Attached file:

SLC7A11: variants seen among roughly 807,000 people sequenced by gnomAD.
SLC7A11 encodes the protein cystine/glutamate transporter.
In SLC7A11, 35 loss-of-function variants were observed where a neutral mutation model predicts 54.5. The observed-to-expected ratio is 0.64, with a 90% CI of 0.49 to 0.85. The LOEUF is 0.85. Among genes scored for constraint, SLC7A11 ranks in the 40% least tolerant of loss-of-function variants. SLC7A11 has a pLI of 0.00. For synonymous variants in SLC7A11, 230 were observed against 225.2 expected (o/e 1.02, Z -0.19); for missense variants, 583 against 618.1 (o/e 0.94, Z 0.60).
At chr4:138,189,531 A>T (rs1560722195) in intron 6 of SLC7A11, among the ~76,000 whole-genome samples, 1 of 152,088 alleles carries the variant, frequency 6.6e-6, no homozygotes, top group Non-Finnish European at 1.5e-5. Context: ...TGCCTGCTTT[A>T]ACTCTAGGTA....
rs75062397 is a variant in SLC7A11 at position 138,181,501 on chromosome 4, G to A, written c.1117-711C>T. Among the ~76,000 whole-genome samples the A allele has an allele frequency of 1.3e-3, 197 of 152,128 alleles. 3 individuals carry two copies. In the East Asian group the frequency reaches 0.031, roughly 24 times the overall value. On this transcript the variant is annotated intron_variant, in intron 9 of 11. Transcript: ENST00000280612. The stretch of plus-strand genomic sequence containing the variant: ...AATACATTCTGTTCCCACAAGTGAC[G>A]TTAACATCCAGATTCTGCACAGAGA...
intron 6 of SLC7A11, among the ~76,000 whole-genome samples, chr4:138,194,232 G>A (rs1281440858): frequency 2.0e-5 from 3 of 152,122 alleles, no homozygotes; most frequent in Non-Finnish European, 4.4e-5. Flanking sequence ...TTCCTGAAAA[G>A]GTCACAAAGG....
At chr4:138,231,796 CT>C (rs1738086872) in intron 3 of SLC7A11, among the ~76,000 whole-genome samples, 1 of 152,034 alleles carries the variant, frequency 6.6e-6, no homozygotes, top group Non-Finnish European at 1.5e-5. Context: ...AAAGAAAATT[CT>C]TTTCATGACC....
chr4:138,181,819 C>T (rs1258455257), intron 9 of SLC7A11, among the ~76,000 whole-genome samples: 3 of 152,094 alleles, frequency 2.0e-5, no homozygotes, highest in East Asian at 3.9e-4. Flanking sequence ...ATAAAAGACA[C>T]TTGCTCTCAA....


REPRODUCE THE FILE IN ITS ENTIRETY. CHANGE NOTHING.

SLC7A11: variants seen among roughly 807,000 people sequenced by gnomAD.
SLC7A11 encodes the protein cystine/glutamate transporter.
In SLC7A11, 35 loss-of-function variants were observed where a neutral mutation model predicts 54.5. The observed-to-expected ratio is 0.64, with a 90% CI of 0.49 to 0.85. The LOEUF is 0.85. Among genes scored for constraint, SLC7A11 ranks in the 40% least tolerant of loss-of-function variants. SLC7A11 has a pLI of 0.00. For synonymous variants in SLC7A11, 230 were observed against 225.2 expected (o/e 1.02, Z -0.19); for missense variants, 583 against 618.1 (o/e 0.94, Z 0.60).
At chr4:138,189,531 A>T (rs1560722195) in intron 6 of SLC7A11, among the ~76,000 whole-genome samples, 1 of 152,088 alleles carries the variant, frequency 6.6e-6, no homozygotes, top group Non-Finnish European at 1.5e-5. Context: ...TGCCTGCTTT[A>T]ACTCTAGGTA....
rs75062397 is a variant in SLC7A11 at position 138,181,501 on chromosome 4, G to A, written c.1117-711C>T. Among the ~76,000 whole-genome samples the A allele has an allele frequency of 1.3e-3, 197 of 152,128 alleles. 3 individuals carry two copies. In the East Asian group the frequency reaches 0.031, roughly 24 times the overall value. On this transcript the variant is annotated intron_variant, in intron 9 of 11. Transcript: ENST00000280612. The stretch of plus-strand genomic sequence containing the variant: ...AATACATTCTGTTCCCACAAGTGAC[G>A]TTAACATCCAGATTCTGCACAGAGA...
intron 6 of SLC7A11, among the ~76,000 whole-genome samples, chr4:138,194,232 G>A (rs1281440858): frequency 2.0e-5 from 3 of 152,122 alleles, no homozygotes; most frequent in Non-Finnish European, 4.4e-5. Flanking sequence ...TTCCTGAAAA[G>A]GTCACAAAGG....
At chr4:138,231,796 CT>C (rs1738086872) in intron 3 of SLC7A11, among the ~76,000 whole-genome samples, 1 of 152,034 alleles carries the variant, frequency 6.6e-6, no homozygotes, top group Non-Finnish European at 1.5e-5. Context: ...AAAGAAAATT[CT>C]TTTCATGACC....
chr4:138,181,819 C>T (rs1258455257), intron 9 of SLC7A11, among the ~76,000 whole-genome samples: 3 of 152,094 alleles, frequency 2.0e-5, no homozygotes, highest in East Asian at 3.9e-4. Flanking sequence ...ATAAAAGACA[C>T]TTGCTCTCAA....